The Use of a Flood Damage Rating System to Aid Urban Stormwater Management

by M. Braune, Robertson & Kirsten Inc, Johannesburg, South Africa,
B. J. Middleton, Robertson & Kirsten Inc, Johannesburg, South Africa,

Document Type: Proceeding Paper

Part of: Engineering Hydrology


Increasing urbanisation and the subsequent decrease in natural storage and infiltration potential in a catchment, cause increased runoff peaks and volumes. Existing stormwater drainage systems become inadequate to handle increased runoffs, causing flooding to occur more frequently, in turn damaging property and endangering life. A unique damage rating system, which takes into account applicable stormwater system design standards, has been developed to identify, quantity and rank areas according to the flooding hazard. From the damage rating system an urban catchment can be sub-divided into high, medium and low damage potential zones. Should no stormwater system design standards be available, a method to select the most cost-beneficial design standards using a Benefit Factor, which relates the risk of flooding to the capital cost of the drainage system, has been developed. Remedial measures are then identified to reduce the flooding potential. A phased remedial works programme is compiled, in which the required remedial work is prioritised to reduce the flood damage potential in the shortest possible time. In this paper the above concepts are defined and illustrated by abstracting relevant information from a Stormwater Management Project undertaken for the Welkom City Council.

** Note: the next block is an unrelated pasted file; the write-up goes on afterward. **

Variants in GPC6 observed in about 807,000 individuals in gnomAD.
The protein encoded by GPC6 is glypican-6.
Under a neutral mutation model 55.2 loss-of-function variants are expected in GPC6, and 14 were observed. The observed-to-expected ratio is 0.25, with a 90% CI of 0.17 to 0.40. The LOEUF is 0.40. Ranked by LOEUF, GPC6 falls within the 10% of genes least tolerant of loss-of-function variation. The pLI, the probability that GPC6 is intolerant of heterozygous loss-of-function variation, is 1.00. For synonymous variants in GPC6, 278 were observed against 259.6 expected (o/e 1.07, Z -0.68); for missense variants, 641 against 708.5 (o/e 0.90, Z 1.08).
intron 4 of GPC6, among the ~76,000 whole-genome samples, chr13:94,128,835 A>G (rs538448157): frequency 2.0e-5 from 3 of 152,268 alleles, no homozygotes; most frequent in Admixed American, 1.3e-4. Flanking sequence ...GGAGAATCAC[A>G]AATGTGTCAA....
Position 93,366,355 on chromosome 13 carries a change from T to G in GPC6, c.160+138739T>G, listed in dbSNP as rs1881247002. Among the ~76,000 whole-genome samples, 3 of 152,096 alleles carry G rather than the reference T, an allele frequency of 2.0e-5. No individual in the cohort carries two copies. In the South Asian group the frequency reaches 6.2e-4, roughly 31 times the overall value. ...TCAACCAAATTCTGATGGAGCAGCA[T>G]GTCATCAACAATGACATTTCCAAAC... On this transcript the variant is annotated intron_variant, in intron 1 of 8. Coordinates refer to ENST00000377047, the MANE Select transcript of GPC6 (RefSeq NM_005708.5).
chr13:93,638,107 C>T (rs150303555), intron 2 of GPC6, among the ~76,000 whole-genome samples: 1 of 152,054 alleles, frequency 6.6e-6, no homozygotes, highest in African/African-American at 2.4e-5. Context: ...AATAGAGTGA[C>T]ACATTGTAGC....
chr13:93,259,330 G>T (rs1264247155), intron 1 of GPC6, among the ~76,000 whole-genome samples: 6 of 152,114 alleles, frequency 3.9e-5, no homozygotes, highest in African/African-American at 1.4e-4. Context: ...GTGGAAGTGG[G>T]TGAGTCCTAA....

Subject Headings: Stormwater management | Floods | Drainage systems | Urban and regional development | Ratings | Standards and codes | Runoff

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